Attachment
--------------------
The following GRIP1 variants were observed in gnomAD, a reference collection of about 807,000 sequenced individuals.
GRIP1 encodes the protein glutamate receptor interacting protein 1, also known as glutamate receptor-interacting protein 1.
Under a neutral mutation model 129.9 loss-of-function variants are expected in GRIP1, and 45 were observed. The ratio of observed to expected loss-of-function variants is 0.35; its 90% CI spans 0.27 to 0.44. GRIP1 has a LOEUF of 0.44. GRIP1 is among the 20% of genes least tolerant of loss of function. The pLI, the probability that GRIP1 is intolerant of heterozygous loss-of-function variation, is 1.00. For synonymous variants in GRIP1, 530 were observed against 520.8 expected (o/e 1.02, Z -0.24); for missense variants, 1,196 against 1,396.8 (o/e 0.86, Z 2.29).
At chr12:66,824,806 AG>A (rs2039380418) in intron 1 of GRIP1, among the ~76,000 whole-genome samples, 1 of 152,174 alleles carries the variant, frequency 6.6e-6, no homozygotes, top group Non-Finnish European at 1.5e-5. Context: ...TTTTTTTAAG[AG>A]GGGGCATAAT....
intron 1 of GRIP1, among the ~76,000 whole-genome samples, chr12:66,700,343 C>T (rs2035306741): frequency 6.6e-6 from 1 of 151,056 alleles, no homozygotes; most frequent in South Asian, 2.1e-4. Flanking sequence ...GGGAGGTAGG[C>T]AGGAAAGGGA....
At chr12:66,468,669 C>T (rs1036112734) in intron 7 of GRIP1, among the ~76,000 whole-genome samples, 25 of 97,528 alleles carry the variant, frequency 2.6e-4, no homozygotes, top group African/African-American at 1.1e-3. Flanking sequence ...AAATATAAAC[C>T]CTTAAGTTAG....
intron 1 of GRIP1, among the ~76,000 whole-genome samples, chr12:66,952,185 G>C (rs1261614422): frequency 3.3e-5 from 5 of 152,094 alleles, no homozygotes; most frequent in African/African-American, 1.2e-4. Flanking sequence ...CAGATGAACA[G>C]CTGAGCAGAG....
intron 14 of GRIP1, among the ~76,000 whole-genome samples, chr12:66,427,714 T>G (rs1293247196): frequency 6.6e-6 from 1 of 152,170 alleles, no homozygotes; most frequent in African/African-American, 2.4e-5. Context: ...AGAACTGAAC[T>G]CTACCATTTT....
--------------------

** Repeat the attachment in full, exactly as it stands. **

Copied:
The following GRIP1 variants were observed in gnomAD, a reference collection of about 807,000 sequenced individuals.
GRIP1 encodes the protein glutamate receptor interacting protein 1, also known as glutamate receptor-interacting protein 1.
Under a neutral mutation model 129.9 loss-of-function variants are expected in GRIP1, and 45 were observed. The ratio of observed to expected loss-of-function variants is 0.35; its 90% CI spans 0.27 to 0.44. GRIP1 has a LOEUF of 0.44. GRIP1 is among the 20% of genes least tolerant of loss of function. The pLI, the probability that GRIP1 is intolerant of heterozygous loss-of-function variation, is 1.00. For synonymous variants in GRIP1, 530 were observed against 520.8 expected (o/e 1.02, Z -0.24); for missense variants, 1,196 against 1,396.8 (o/e 0.86, Z 2.29).
At chr12:66,824,806 AG>A (rs2039380418) in intron 1 of GRIP1, among the ~76,000 whole-genome samples, 1 of 152,174 alleles carries the variant, frequency 6.6e-6, no homozygotes, top group Non-Finnish European at 1.5e-5. Context: ...TTTTTTTAAG[AG>A]GGGGCATAAT....
intron 1 of GRIP1, among the ~76,000 whole-genome samples, chr12:66,700,343 C>T (rs2035306741): frequency 6.6e-6 from 1 of 151,056 alleles, no homozygotes; most frequent in South Asian, 2.1e-4. Flanking sequence ...GGGAGGTAGG[C>T]AGGAAAGGGA....
At chr12:66,468,669 C>T (rs1036112734) in intron 7 of GRIP1, among the ~76,000 whole-genome samples, 25 of 97,528 alleles carry the variant, frequency 2.6e-4, no homozygotes, top group African/African-American at 1.1e-3. Flanking sequence ...AAATATAAAC[C>T]CTTAAGTTAG....
intron 1 of GRIP1, among the ~76,000 whole-genome samples, chr12:66,952,185 G>C (rs1261614422): frequency 3.3e-5 from 5 of 152,094 alleles, no homozygotes; most frequent in African/African-American, 1.2e-4. Flanking sequence ...CAGATGAACA[G>C]CTGAGCAGAG....
intron 14 of GRIP1, among the ~76,000 whole-genome samples, chr12:66,427,714 T>G (rs1293247196): frequency 6.6e-6 from 1 of 152,170 alleles, no homozygotes; most frequent in African/African-American, 2.4e-5. Context: ...AGAACTGAAC[T>G]CTACCATTTT....